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      The question that nags is: why are employers across sectors willingly, even at considerable expense, instituting changes of this nature? Only one of two possible answers can suffice. The first is that these concessions are plain acts of benevolence on behalf of executives and shareholders, who aim to placate the legitimate malaise voiced by the artistic critique. The second is that a silent bargain between capital and wage-labour has occurred, with capital steadily shedding impediments to accumulation, and wage-earners forfeiting hard-won security in exchange for putative freedom.

      Or, here me out here, employers are adopting Agile because they genuinely think it’s good for the company.

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      I wish we had more articles like these, where technology is put under the light of different perspectives. In the case of this very well written article, social, cultural and political lenses are applied. It’s a reminder that the changes we introduce, through technology or practice, have an impact and a meaning beyond the direct goal we’re trying to achieve. Agile was primarily born out of the challenge of ever changing requirements, but carried much more than addressing that one issue.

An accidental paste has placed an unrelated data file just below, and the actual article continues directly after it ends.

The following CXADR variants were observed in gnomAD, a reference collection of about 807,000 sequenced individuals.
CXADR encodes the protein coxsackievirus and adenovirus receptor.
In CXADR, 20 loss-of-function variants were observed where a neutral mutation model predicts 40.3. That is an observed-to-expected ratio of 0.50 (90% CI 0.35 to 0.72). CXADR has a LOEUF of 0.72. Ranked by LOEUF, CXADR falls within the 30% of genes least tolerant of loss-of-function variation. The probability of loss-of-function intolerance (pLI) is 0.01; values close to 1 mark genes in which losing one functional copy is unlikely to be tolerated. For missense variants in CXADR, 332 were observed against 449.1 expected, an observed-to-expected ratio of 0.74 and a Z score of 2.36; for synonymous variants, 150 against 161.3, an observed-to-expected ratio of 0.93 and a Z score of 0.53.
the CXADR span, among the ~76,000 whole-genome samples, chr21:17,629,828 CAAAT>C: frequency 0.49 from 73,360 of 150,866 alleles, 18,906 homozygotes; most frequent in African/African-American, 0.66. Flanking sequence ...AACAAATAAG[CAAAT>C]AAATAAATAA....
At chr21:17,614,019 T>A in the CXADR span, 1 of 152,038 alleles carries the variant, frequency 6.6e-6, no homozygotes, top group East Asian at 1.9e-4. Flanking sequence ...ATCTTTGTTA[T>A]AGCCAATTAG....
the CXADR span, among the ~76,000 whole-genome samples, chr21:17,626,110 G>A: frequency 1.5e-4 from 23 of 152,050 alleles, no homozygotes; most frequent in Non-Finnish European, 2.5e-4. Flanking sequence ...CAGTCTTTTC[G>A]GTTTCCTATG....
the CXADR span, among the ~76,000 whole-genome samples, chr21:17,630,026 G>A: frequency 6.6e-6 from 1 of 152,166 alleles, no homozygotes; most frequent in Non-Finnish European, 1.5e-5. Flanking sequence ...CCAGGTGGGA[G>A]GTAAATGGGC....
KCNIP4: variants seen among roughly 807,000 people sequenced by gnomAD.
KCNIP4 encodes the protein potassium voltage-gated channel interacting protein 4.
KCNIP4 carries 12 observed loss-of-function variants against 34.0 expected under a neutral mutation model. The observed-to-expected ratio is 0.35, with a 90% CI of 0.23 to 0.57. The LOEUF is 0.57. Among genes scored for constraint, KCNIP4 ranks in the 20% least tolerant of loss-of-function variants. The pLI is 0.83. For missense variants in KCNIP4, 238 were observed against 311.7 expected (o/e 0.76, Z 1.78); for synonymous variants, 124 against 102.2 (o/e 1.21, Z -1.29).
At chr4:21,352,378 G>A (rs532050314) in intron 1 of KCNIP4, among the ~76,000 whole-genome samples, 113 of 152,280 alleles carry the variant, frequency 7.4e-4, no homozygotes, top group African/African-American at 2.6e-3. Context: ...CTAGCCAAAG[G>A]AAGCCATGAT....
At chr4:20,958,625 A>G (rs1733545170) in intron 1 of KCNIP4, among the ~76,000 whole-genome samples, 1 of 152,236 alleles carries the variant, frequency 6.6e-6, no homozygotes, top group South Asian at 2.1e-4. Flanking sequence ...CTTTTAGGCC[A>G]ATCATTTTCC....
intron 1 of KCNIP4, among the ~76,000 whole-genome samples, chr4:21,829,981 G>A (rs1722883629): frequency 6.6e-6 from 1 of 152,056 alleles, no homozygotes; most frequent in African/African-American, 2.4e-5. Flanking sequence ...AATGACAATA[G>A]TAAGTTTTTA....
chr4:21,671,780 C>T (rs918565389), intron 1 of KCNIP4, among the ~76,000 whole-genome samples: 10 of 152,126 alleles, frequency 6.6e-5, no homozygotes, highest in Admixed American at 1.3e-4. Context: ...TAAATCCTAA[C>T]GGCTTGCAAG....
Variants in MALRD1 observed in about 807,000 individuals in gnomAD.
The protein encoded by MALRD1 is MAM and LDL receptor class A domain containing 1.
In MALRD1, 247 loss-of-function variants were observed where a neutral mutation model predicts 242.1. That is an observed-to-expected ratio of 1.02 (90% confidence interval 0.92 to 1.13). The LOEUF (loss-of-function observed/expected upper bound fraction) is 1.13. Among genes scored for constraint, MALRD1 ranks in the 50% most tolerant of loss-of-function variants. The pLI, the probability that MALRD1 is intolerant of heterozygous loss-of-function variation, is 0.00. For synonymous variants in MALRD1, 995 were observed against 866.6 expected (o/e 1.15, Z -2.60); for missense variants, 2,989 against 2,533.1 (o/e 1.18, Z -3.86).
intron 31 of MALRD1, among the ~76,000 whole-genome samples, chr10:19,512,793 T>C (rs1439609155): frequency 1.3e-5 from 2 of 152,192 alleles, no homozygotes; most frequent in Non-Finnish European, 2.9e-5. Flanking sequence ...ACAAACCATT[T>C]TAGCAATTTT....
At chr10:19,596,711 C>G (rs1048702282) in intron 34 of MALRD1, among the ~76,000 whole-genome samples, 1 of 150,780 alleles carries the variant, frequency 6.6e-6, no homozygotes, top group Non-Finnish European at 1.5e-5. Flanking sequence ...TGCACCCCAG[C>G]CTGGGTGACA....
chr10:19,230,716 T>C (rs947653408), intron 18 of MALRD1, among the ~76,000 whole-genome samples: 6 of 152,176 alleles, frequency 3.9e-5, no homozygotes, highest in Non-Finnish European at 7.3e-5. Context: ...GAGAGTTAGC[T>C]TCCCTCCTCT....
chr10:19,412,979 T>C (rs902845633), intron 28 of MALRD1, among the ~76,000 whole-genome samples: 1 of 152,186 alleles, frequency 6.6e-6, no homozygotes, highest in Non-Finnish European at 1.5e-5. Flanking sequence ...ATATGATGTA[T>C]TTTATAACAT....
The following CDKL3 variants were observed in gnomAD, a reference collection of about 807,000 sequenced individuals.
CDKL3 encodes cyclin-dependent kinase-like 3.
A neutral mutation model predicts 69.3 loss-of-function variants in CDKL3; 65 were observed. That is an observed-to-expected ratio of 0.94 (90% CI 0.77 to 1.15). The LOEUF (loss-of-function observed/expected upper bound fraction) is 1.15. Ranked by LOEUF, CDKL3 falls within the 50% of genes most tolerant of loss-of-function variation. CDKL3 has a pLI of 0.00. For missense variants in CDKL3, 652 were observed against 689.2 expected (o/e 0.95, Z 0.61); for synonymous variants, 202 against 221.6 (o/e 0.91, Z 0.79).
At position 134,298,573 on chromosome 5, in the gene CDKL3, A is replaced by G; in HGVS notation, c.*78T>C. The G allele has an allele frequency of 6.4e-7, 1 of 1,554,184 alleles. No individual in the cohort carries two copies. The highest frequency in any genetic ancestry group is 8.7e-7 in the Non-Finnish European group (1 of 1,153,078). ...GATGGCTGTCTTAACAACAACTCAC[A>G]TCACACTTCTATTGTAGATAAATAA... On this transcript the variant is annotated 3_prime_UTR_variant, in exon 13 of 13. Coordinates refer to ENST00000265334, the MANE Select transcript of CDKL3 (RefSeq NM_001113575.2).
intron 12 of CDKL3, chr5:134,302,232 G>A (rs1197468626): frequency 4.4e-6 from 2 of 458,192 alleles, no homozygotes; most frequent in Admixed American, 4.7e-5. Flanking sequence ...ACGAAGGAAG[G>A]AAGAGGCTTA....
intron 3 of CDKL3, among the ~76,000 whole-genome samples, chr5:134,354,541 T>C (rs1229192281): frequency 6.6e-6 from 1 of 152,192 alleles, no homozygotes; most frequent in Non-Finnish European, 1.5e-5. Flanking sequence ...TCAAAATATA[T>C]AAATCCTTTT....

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      Kinda surprised to see a link from the New Left Review here, but apparently it’s not the first: